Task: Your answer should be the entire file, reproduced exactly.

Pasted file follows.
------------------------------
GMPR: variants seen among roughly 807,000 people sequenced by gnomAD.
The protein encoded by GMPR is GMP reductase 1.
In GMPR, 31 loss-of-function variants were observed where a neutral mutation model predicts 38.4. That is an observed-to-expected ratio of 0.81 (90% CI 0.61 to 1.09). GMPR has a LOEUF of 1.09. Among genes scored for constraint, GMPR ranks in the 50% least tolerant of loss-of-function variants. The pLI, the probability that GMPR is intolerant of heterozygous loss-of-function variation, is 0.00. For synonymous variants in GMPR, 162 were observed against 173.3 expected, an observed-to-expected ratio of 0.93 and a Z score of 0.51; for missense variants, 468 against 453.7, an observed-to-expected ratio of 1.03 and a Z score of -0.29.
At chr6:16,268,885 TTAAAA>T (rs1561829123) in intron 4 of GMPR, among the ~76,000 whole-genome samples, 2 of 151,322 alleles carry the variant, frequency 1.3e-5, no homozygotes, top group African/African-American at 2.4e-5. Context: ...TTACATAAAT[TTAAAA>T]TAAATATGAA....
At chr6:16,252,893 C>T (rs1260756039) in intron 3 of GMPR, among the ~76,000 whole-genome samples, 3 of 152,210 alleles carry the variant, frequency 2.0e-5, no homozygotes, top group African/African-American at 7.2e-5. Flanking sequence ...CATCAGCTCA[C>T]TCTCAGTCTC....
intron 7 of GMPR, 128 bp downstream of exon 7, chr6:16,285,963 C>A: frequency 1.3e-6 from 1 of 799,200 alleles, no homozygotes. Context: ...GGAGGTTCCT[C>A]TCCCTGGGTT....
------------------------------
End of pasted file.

GMPR: variants seen among roughly 807,000 people sequenced by gnomAD.
The protein encoded by GMPR is GMP reductase 1.
In GMPR, 31 loss-of-function variants were observed where a neutral mutation model predicts 38.4. That is an observed-to-expected ratio of 0.81 (90% CI 0.61 to 1.09). GMPR has a LOEUF of 1.09. Among genes scored for constraint, GMPR ranks in the 50% least tolerant of loss-of-function variants. The pLI, the probability that GMPR is intolerant of heterozygous loss-of-function variation, is 0.00. For synonymous variants in GMPR, 162 were observed against 173.3 expected, an observed-to-expected ratio of 0.93 and a Z score of 0.51; for missense variants, 468 against 453.7, an observed-to-expected ratio of 1.03 and a Z score of -0.29.
At chr6:16,268,885 TTAAAA>T (rs1561829123) in intron 4 of GMPR, among the ~76,000 whole-genome samples, 2 of 151,322 alleles carry the variant, frequency 1.3e-5, no homozygotes, top group African/African-American at 2.4e-5. Context: ...TTACATAAAT[TTAAAA>T]TAAATATGAA....
At chr6:16,252,893 C>T (rs1260756039) in intron 3 of GMPR, among the ~76,000 whole-genome samples, 3 of 152,210 alleles carry the variant, frequency 2.0e-5, no homozygotes, top group African/African-American at 7.2e-5. Flanking sequence ...CATCAGCTCA[C>T]TCTCAGTCTC....
intron 7 of GMPR, 128 bp downstream of exon 7, chr6:16,285,963 C>A: frequency 1.3e-6 from 1 of 799,200 alleles, no homozygotes. Context: ...GGAGGTTCCT[C>A]TCCCTGGGTT....